£Neg + Excellent Benefits: Guru Careers: An HR Assistant / Human Resources Ass...

Talent Community Coordinator

£Neg + Excellent Benefits: Guru Careers: A Talent Community Coordinator is nee...

Business Support - Banking - Halifax - £250 pd

£150 - £250 per day: Orgtel: HR Analyst - Banking - HR - Halifax - £150 - £250...

Geography Teacher

£24000 - £33600 per annum + pre 12 week AWR : Randstad Education Manchester Se...

Day In a Page

Backhanders, bribery and abuses of power have soared in China as economy surges

Bribery and abuses of power soar in China

The bribery is fuelled by the surge in China's economy but the rules of corruption are subtle and unspoken, finds Evan Osnos, as he learns the dark arts from a master
Commonwealth Games 2014: Highland terriers stole the show at the opening ceremony

Highland terriers steal the show at opening ceremony

Gillian Orr explores why a dog loved by film stars and presidents is finally having its day
German art world rocked as artists use renowned fat sculpture to distil schnapps

Brewing the fat from artwork angers widow of sculptor

Part of Joseph Beuys' 1982 sculpture 'Fettecke' used to distil schnapps
BBC's The Secret History of Our Streets reveals a fascinating window into Britain's past

BBC takes viewers back down memory lane

The Secret History of Our Streets, which returns with three films looking at Scottish streets, is the inverse of Benefits Street - delivering warmth instead of cynicism
Joe, film review: Nicolas Cage delivers an astonishing performance in low budget drama

Nicolas Cage shines in low-budget drama Joe

Cage plays an ex-con in David Gordon Green's independent drama, which has been adapted from a novel by Larry Brown
How to make your own gourmet ice lollies, granitas, slushy cocktails and frozen yoghurt

Make your own ice lollies and frozen yoghurt

Think outside the cool box for this summer's tempting frozen treats
Ford Fiesta is UK's most popular car of all-time, with sales topping 4.1 million since 1976

Fiesta is UK's most popular car of all-time

Sales have topped 4.1 million since 1976. To celebrate this milestone, four Independent writers recall their Fiestas with pride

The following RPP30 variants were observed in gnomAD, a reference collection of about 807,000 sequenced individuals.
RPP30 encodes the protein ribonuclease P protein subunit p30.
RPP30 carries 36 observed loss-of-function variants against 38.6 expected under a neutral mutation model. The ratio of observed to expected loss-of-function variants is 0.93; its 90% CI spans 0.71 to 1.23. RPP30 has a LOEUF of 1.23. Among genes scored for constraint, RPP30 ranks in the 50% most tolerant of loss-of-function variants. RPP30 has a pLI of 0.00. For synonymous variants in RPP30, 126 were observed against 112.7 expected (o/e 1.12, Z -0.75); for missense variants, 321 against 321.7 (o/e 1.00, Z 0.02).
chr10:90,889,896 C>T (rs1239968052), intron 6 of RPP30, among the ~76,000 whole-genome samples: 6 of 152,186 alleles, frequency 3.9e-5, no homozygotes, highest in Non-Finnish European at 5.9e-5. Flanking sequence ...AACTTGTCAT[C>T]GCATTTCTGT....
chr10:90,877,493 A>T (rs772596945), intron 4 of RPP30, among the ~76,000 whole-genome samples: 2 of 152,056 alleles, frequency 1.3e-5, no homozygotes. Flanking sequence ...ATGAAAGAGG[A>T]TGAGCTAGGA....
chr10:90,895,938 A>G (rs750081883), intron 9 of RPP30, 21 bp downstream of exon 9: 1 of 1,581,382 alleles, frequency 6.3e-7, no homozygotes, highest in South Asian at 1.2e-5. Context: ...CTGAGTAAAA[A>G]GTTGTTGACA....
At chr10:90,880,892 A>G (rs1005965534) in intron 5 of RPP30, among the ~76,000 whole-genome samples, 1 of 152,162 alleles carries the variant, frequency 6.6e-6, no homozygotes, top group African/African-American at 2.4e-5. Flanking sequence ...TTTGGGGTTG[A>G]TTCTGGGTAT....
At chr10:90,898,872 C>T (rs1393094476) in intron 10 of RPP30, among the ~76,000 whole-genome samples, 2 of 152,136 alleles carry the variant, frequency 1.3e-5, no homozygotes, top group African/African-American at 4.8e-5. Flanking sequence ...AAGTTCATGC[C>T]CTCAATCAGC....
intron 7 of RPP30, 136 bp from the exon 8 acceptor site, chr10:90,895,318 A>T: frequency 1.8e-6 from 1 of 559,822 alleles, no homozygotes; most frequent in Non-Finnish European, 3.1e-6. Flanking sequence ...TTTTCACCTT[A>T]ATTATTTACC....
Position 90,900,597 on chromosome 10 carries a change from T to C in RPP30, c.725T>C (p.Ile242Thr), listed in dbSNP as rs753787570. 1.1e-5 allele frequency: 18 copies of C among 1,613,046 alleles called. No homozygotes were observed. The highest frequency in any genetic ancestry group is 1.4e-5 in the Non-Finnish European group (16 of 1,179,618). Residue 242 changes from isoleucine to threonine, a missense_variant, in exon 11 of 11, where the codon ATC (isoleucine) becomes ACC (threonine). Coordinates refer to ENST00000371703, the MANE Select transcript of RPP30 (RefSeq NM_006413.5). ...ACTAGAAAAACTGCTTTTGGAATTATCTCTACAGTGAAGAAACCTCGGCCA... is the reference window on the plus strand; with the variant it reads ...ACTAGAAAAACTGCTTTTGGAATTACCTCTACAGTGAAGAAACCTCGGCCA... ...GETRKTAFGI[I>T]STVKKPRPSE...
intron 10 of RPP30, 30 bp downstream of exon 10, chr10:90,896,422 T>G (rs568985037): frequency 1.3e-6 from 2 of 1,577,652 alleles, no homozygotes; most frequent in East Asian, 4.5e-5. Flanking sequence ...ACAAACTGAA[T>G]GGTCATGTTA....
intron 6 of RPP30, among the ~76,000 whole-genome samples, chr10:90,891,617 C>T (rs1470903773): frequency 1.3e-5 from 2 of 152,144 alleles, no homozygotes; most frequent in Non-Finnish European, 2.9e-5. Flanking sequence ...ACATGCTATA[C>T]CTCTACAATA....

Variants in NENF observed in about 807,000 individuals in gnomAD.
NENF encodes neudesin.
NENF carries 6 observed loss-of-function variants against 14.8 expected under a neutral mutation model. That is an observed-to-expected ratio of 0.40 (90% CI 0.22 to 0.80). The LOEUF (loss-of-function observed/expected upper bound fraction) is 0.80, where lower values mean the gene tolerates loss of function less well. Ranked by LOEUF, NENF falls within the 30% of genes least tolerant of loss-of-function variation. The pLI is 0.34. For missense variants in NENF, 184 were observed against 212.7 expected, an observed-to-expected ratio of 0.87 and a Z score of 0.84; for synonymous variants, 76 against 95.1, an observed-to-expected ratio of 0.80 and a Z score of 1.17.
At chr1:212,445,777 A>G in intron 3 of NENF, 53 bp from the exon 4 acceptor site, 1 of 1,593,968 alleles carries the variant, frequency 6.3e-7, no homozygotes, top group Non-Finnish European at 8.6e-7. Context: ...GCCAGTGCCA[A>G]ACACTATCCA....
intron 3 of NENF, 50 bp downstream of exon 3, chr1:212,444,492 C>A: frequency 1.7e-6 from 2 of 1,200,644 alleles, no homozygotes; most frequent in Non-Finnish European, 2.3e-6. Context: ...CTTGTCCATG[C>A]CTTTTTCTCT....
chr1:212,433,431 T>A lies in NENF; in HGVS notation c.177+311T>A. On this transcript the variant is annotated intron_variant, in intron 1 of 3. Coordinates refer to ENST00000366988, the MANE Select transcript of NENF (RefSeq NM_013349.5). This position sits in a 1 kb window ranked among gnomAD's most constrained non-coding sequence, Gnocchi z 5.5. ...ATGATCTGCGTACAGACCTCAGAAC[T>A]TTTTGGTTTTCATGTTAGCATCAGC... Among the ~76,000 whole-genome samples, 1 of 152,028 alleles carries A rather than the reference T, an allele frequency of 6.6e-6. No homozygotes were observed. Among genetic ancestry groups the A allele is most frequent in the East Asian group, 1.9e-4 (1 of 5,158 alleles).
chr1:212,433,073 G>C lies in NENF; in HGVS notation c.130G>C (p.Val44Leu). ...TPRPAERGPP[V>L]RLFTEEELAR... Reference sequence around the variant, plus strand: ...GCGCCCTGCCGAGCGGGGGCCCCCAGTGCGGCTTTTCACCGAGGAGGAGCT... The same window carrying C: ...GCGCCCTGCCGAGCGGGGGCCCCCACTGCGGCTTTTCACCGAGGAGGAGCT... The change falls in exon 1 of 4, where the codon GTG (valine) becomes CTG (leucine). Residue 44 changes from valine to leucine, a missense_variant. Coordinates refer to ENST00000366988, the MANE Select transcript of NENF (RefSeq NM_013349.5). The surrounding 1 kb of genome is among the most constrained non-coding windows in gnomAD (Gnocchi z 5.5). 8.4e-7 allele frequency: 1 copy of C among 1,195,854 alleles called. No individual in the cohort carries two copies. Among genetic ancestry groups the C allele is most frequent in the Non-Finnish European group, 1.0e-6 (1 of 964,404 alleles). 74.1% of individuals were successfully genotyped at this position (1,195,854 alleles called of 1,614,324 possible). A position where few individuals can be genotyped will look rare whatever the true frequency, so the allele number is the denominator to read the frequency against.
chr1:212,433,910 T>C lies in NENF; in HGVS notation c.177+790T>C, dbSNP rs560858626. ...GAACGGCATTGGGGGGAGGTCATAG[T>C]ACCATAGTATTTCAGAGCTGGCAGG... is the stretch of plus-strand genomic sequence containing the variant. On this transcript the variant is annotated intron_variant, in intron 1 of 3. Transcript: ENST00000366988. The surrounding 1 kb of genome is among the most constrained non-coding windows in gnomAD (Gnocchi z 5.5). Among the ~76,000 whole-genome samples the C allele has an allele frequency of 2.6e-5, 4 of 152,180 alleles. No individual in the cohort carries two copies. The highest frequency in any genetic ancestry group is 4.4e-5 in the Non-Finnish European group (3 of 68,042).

10 best reed diffusers

Heaven scent: 10 best reed diffusers

Keep your rooms smelling summery and fresh with one of these subtle but distinctive home fragrances that’ll last you months
Commonwealth Games 2014: Female boxers set to compete for first time

Female boxers set to compete at Commonwealth Games for first time

There’s no favourites and with no headguards anything could happen
Five things we’ve learned so far about Manchester United under Louis van Gaal

Five things we’ve learned so far about United under Van Gaal

It’s impossible to avoid the impression that the Dutch manager is playing to the gallery a little
Screwing your way to the top? Good for Lana Del Rey for helping kill that myth

Screwing your way to the top?

Good for Lana Del Rey for helping kill that myth, says Grace Dent
Will the young Britons fighting in Syria be allowed to return home and resume their lives?

Will Britons fighting in Syria be able to resume their lives?

Tony Blair's Terrorism Act 2006 has made it an offence to take part in military action abroad with a "political, ideological, religious or racial motive"
Beyoncé poses as Rosie the Riveter, the wartime poster girl who became a feminist pin-up

Beyoncé poses as Rosie the Riveter

The wartime poster girl became the ultimate American symbol of female empowerment
The quest to find the perfect pair of earphones: Are custom, 3D printed earbuds the solution?

The quest to find the perfect pair of earphones

Earphones don't fit properly, offer mediocre audio quality and can even be painful. So the quest to design the perfect pair is music to Seth Stevenson's ears
US Army's shooting star: Lt-Col Steven Cole is the man Hollywood calls when it wants to borrow a tank or check a military uniform

Meet the US Army's shooting star

Lt-Col Steven Cole is the man Hollywood calls when it wants to borrow a tank or check a military uniform